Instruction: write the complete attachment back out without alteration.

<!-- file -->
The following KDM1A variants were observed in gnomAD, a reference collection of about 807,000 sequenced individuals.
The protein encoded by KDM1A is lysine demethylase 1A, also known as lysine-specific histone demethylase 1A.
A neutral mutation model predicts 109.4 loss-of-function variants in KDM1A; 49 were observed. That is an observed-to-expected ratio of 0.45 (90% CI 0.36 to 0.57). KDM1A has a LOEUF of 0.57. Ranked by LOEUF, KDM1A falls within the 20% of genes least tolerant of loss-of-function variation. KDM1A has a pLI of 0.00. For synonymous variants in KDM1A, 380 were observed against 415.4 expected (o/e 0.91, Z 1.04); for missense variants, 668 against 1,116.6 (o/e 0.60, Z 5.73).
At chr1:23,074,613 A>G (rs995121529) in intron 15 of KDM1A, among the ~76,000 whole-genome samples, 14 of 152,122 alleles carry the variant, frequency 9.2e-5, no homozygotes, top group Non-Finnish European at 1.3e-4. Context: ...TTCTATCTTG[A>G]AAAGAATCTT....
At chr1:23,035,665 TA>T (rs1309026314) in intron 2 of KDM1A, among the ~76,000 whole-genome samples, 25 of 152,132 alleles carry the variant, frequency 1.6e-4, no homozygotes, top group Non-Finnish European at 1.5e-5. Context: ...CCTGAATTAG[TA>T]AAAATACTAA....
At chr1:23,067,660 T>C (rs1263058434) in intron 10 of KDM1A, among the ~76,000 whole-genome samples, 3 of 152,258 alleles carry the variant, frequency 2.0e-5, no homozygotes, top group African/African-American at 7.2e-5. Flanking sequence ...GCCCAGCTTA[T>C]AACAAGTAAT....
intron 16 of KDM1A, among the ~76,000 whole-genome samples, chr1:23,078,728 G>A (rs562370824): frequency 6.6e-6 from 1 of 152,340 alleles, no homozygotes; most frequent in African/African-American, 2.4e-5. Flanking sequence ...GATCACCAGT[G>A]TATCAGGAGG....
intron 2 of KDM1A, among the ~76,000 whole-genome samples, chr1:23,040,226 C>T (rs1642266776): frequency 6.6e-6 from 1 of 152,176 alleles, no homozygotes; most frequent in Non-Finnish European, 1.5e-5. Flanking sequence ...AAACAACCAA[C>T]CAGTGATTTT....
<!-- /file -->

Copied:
The following KDM1A variants were observed in gnomAD, a reference collection of about 807,000 sequenced individuals.
The protein encoded by KDM1A is lysine demethylase 1A, also known as lysine-specific histone demethylase 1A.
A neutral mutation model predicts 109.4 loss-of-function variants in KDM1A; 49 were observed. That is an observed-to-expected ratio of 0.45 (90% CI 0.36 to 0.57). KDM1A has a LOEUF of 0.57. Ranked by LOEUF, KDM1A falls within the 20% of genes least tolerant of loss-of-function variation. KDM1A has a pLI of 0.00. For synonymous variants in KDM1A, 380 were observed against 415.4 expected (o/e 0.91, Z 1.04); for missense variants, 668 against 1,116.6 (o/e 0.60, Z 5.73).
At chr1:23,074,613 A>G (rs995121529) in intron 15 of KDM1A, among the ~76,000 whole-genome samples, 14 of 152,122 alleles carry the variant, frequency 9.2e-5, no homozygotes, top group Non-Finnish European at 1.3e-4. Context: ...TTCTATCTTG[A>G]AAAGAATCTT....
At chr1:23,035,665 TA>T (rs1309026314) in intron 2 of KDM1A, among the ~76,000 whole-genome samples, 25 of 152,132 alleles carry the variant, frequency 1.6e-4, no homozygotes, top group Non-Finnish European at 1.5e-5. Context: ...CCTGAATTAG[TA>T]AAAATACTAA....
At chr1:23,067,660 T>C (rs1263058434) in intron 10 of KDM1A, among the ~76,000 whole-genome samples, 3 of 152,258 alleles carry the variant, frequency 2.0e-5, no homozygotes, top group African/African-American at 7.2e-5. Flanking sequence ...GCCCAGCTTA[T>C]AACAAGTAAT....
intron 16 of KDM1A, among the ~76,000 whole-genome samples, chr1:23,078,728 G>A (rs562370824): frequency 6.6e-6 from 1 of 152,340 alleles, no homozygotes; most frequent in African/African-American, 2.4e-5. Flanking sequence ...GATCACCAGT[G>A]TATCAGGAGG....
intron 2 of KDM1A, among the ~76,000 whole-genome samples, chr1:23,040,226 C>T (rs1642266776): frequency 6.6e-6 from 1 of 152,176 alleles, no homozygotes; most frequent in Non-Finnish European, 1.5e-5. Flanking sequence ...AAACAACCAA[C>T]CAGTGATTTT....